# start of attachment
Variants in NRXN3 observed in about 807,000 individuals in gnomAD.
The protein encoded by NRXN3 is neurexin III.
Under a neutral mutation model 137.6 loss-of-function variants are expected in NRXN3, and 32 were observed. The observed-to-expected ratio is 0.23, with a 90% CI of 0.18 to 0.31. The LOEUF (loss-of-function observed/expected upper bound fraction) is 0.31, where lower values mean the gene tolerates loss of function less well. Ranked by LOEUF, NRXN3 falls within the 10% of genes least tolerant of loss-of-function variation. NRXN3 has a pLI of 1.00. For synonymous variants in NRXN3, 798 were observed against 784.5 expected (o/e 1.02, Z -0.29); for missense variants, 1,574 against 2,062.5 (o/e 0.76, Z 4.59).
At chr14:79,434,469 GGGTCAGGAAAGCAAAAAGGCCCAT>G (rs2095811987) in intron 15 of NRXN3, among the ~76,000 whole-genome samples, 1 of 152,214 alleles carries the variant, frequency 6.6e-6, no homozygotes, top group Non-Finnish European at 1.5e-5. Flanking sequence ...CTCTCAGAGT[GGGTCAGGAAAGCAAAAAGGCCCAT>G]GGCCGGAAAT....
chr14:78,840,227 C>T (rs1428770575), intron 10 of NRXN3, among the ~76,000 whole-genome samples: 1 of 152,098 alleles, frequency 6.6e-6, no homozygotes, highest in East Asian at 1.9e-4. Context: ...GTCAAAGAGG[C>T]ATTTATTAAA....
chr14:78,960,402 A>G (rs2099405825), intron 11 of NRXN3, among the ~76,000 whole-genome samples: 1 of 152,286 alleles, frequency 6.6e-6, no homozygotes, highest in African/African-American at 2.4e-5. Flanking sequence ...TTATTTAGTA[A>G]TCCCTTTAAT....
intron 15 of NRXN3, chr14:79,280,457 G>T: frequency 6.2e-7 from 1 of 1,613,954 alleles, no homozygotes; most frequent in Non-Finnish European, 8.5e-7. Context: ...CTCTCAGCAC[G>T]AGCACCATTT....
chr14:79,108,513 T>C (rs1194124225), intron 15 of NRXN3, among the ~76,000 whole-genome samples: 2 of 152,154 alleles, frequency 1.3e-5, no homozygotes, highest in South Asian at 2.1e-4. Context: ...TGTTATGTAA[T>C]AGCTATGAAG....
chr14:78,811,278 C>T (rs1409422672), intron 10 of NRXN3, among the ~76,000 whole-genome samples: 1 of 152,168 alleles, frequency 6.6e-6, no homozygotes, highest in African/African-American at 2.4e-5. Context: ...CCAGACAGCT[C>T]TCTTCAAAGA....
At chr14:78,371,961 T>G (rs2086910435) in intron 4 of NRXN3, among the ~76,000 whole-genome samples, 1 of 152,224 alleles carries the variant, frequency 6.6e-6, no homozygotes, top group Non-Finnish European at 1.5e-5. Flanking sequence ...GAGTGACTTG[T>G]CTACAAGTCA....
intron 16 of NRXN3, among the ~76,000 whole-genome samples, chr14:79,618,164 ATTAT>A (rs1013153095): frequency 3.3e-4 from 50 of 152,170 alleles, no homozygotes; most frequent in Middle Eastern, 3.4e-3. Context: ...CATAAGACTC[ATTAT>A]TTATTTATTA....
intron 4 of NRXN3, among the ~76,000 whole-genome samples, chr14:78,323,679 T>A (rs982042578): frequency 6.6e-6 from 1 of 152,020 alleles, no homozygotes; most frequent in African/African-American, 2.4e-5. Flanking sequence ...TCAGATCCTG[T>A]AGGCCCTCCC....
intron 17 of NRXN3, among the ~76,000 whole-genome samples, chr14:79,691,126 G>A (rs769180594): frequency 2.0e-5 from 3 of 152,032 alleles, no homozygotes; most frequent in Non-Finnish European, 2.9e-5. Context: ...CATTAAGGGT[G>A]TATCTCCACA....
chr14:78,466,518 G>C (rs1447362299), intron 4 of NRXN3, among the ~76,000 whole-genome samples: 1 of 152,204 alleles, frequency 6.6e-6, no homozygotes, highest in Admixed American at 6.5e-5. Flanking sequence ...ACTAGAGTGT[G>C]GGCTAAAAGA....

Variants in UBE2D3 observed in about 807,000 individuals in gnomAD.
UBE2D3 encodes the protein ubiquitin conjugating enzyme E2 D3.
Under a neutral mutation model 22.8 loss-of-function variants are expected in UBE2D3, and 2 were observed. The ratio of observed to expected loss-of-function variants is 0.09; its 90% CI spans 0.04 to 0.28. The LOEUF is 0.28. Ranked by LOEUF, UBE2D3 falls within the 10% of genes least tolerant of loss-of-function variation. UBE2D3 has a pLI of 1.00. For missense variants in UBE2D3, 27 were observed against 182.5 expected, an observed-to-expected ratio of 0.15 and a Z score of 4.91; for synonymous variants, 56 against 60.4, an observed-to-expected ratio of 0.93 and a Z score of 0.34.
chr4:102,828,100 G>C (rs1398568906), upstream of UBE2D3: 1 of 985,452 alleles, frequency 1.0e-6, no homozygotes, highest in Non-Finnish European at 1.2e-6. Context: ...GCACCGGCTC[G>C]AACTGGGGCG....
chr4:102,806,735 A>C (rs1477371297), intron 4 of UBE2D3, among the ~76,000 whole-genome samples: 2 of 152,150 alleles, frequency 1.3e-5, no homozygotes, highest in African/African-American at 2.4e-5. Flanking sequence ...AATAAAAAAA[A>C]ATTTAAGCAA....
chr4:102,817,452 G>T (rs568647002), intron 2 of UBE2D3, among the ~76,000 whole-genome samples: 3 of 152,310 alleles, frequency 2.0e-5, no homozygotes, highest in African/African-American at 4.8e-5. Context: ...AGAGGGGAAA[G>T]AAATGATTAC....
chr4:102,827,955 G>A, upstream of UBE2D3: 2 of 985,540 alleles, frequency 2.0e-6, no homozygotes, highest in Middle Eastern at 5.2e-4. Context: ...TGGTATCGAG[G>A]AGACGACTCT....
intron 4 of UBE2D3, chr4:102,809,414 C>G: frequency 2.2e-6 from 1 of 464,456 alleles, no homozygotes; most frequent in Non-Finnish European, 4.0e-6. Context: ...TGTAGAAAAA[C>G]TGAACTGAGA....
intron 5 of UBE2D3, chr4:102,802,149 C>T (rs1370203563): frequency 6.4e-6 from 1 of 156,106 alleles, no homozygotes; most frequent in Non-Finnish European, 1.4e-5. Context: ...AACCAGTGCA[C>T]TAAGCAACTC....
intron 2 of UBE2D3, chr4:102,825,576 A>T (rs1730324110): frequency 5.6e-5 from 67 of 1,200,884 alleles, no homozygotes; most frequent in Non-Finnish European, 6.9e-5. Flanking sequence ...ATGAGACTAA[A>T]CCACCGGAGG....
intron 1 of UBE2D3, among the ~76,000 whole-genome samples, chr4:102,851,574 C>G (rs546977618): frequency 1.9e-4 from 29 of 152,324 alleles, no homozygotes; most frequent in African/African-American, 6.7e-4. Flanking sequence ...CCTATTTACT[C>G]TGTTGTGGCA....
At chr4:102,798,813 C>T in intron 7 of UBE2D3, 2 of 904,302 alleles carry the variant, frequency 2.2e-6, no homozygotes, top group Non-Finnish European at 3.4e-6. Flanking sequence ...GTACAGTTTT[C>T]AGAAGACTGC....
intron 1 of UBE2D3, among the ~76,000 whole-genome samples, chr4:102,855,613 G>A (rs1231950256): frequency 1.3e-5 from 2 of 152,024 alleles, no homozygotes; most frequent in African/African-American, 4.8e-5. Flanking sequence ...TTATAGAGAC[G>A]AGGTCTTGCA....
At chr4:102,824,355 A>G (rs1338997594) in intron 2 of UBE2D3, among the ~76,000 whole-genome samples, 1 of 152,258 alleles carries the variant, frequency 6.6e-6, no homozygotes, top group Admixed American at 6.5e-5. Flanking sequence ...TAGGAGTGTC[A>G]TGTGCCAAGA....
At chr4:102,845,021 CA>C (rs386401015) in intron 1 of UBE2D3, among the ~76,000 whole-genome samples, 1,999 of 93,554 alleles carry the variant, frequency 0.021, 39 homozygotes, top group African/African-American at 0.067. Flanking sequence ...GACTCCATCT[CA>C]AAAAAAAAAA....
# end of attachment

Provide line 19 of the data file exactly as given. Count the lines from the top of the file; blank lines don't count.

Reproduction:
chr4:102,806,735 A>C (rs1477371297), intron 4 of UBE2D3, among the ~76,000 whole-genome samples: 2 of 152,150 alleles, frequency 1.3e-5, no homozygotes, highest in African/African-American at 2.4e-5. Flanking sequence ...AATAAAAAAA[A>C]ATTTAAGCAA....